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Department of Molecular Cell Biology

Oren Schuldiner

Principal Investigator / Head of Group
Dept. of Molecular Cell Biology
Wolfson Building for Biological Research  
Room 504A
Weizmann Institute of Science
Rehovot 7610001, Israel
Office: +972-8-934-2769

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Research Possibilities

We are seeking highly motivated individuals who are interested in using Drosophila as a model to neuronal remodeling. Candidates should be hard-working, good at problem solving, innovative, and well-trained in at least one of these fields: genetics, neurobiology. A working knowledge of basic molecular cloning and experience with Drosophila is strongly preferred.

Interested candidates should email a statement indicating research interests, a CV, and contact info for three professional references to Dr. Oren Schuldiner at

PhD students: Highly motivated graduate students are welcome. Please first apply to the Feinberg Graduate School. Following acceptance to FGS, please send a CV and contact info for 1-2 reference letters.
Rotation students: Highly motivated rotation students are always welcome.
Please contact Oren by mail. 

View current available positions.

Position Duration and Dates Description
Master's Rotation 1st, 2nd, 3rd Rotations Neuronal remodeling is an essential process used to sculpt the mature nervous system in vertebrates and invertebrates. One major mechanism is axon pruning in which neurons eliminate specific sections of their axons in a stereotypic manner. Not much is know about the molecular mechanisms that underlie this process. Defects in pruning may result in neurological conditions such as synesthesia or autism and the molecular mechanisms involved in axon pruning during development are also involved in axon fragmentation during neurodegenerative diseases such as Alzheimer's, Parkinson's and ALS. Therefore, uncovering the molecular mechanisms underlying axon pruning during development should increase our knowledge more broadly on axon fragmentation during development, disease and after injury. We are studying this process in the fly as it is an awesome genetic model organism with cutting edge techniques that enable us to mutate and visualize single neurons within a whole brain. We are looking for bright and enthusiastic rotation students to join and push forward one of our ongoing research projects. Looking forward to see you!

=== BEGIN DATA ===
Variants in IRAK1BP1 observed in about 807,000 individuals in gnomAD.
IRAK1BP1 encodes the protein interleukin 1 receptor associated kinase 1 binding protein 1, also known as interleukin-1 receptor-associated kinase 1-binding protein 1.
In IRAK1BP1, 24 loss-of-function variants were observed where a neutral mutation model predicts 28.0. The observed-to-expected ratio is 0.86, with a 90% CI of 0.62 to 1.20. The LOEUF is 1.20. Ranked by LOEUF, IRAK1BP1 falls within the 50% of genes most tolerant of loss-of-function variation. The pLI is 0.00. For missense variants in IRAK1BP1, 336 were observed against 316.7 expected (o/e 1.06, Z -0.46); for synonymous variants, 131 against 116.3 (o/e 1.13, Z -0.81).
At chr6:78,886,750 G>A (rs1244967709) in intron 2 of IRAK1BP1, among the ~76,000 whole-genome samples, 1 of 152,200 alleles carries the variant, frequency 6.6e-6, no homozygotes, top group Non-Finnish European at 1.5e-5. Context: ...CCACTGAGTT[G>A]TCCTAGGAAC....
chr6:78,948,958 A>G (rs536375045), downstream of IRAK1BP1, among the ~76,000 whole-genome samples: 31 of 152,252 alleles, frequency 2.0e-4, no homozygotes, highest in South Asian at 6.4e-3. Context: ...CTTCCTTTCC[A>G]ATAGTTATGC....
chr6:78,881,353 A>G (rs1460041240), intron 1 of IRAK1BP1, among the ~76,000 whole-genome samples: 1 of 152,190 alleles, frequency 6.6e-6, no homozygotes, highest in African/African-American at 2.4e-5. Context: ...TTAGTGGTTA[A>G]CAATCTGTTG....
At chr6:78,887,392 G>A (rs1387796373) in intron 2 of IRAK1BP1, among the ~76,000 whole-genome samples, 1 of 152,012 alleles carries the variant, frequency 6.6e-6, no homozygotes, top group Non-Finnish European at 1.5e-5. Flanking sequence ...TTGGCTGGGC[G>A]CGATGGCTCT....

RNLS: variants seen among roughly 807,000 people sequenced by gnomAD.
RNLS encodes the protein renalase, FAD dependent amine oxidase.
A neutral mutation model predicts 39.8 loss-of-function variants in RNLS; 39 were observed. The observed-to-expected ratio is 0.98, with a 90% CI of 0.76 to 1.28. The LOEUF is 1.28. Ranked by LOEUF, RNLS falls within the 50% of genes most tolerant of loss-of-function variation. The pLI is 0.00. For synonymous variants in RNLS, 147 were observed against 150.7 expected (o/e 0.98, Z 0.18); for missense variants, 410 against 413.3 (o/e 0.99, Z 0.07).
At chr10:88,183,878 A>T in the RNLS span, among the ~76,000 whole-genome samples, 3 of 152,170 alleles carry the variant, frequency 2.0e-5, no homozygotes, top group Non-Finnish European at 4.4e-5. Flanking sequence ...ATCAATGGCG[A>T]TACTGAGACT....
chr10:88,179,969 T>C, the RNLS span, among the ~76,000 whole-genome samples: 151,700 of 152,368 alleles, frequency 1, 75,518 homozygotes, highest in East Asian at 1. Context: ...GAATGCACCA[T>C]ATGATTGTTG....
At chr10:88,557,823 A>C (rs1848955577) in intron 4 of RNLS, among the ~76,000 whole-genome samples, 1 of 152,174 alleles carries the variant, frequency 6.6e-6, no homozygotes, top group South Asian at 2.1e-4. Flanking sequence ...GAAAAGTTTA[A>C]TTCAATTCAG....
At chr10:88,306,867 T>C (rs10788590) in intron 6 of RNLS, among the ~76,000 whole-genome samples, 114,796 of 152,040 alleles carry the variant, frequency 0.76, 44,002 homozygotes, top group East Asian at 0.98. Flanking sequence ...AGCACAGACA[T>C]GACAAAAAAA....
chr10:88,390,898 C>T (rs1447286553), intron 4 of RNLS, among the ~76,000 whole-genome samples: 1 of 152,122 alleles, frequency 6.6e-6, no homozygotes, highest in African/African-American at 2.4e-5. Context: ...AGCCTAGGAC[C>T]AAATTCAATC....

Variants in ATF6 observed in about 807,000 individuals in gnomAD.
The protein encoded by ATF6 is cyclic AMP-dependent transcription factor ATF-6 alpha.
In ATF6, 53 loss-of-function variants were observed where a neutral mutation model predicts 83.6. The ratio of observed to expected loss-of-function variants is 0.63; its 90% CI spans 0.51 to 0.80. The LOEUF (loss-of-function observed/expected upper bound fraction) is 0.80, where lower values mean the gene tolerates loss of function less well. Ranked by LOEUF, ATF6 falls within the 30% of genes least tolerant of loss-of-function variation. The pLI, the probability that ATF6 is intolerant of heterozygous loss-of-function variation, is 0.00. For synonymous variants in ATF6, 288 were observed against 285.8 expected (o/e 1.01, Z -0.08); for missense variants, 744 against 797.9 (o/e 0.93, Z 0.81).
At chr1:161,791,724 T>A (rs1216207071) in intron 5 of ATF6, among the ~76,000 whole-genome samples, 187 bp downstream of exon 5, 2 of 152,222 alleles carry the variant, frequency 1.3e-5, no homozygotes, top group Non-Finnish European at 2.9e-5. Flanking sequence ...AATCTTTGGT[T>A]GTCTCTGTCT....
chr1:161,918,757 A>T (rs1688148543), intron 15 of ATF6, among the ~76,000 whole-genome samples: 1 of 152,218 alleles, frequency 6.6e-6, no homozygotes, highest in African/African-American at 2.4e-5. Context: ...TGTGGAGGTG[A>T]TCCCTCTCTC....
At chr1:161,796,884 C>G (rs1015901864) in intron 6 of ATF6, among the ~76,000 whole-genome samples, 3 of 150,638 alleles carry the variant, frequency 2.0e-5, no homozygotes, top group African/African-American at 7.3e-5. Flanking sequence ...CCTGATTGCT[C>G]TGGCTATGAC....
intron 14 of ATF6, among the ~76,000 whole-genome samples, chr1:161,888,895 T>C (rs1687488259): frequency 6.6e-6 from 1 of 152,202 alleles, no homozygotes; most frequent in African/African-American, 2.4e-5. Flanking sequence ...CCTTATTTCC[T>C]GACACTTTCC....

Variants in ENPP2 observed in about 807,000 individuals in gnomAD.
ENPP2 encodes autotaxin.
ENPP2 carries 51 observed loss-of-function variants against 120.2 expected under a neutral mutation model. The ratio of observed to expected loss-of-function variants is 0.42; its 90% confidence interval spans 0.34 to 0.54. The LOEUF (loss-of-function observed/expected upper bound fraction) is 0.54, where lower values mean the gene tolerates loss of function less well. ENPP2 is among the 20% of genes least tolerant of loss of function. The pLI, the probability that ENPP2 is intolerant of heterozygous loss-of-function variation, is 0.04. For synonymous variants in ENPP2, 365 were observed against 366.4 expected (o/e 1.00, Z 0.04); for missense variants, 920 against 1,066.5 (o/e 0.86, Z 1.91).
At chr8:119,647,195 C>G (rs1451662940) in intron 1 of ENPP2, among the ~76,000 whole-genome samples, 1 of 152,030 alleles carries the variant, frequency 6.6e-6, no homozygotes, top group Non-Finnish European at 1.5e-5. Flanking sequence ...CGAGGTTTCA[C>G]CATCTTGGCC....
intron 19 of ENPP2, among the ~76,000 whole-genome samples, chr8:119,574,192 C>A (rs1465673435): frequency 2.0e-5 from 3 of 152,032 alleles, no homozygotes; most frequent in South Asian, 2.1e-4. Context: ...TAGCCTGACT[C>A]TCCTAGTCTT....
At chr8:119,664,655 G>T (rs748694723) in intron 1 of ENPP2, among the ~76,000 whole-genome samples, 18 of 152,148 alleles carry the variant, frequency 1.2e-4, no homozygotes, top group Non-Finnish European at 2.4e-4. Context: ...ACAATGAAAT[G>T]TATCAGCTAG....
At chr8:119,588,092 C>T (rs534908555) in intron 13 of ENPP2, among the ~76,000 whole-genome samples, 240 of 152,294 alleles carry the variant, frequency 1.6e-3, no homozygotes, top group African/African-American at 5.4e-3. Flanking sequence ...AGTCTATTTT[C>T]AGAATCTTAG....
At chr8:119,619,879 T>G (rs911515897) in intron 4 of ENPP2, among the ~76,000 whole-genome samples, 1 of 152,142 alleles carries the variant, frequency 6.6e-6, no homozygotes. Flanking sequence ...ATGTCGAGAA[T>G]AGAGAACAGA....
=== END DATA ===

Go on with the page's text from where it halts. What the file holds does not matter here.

Start: Jan 1, 2019
Duration: 4.5 years
In our lab we study the mechanisms of neuronal remodeling, which is a conserved strategy to refine neural circuits across the animal kingdom. Defects in remodeling are thought to drive neuropsychiatric diseases such as autism and schizophrenia. Our lab studies the molecular and cellular mechanisms underlying neuronal remodeling using the fruit fly (Drosophila) as it is a genetically powerful organism that undergoes stereotypic remodeling during development. We have various options for an aspiring PhD student which include: understanding the role of adhesion mediated neuron-neuron interactions during axon pruning or axon regrowth; uncover the role of neuronal activity during circuit remodeling; understand the role of cytoskeleton regulation during axon pruning. Please see our website for more information and contact us if you are interested in coordinating an interview.
Start: Jan 1, 2020
Duration: 4.5 years
Precise connectivity of neurites to subcellular domains is a conserved feature of complex circuits, but the mechanisms defining precise wiring are largely unknown. The Drosophila mushroom-body is uniquely poised to study subcellular wiring as the adult γ-lobe harbors five distinct compartments, defined by localized innervations of other neuronal populations. Thus, different locations along the axons serve as distinct "meeting points" for specific groups of neurons. Interestingly, these compartments bear a functional importance - while some are involved in appetitive learning, others are important for aversive learning. However, the formation of these compartments remains unsolved. Previously, we have identified one set of adhesion molecules that are required for the precise wiring of two types of neurons (γ neurons and a subset of dopaminergic neuron) that together form the γ4/5 compartments. In this research program, we propose to uncover the adhesion 'code' that is required for the formation of other axonal compartments and to explore the logic of the wiring and compartment formation.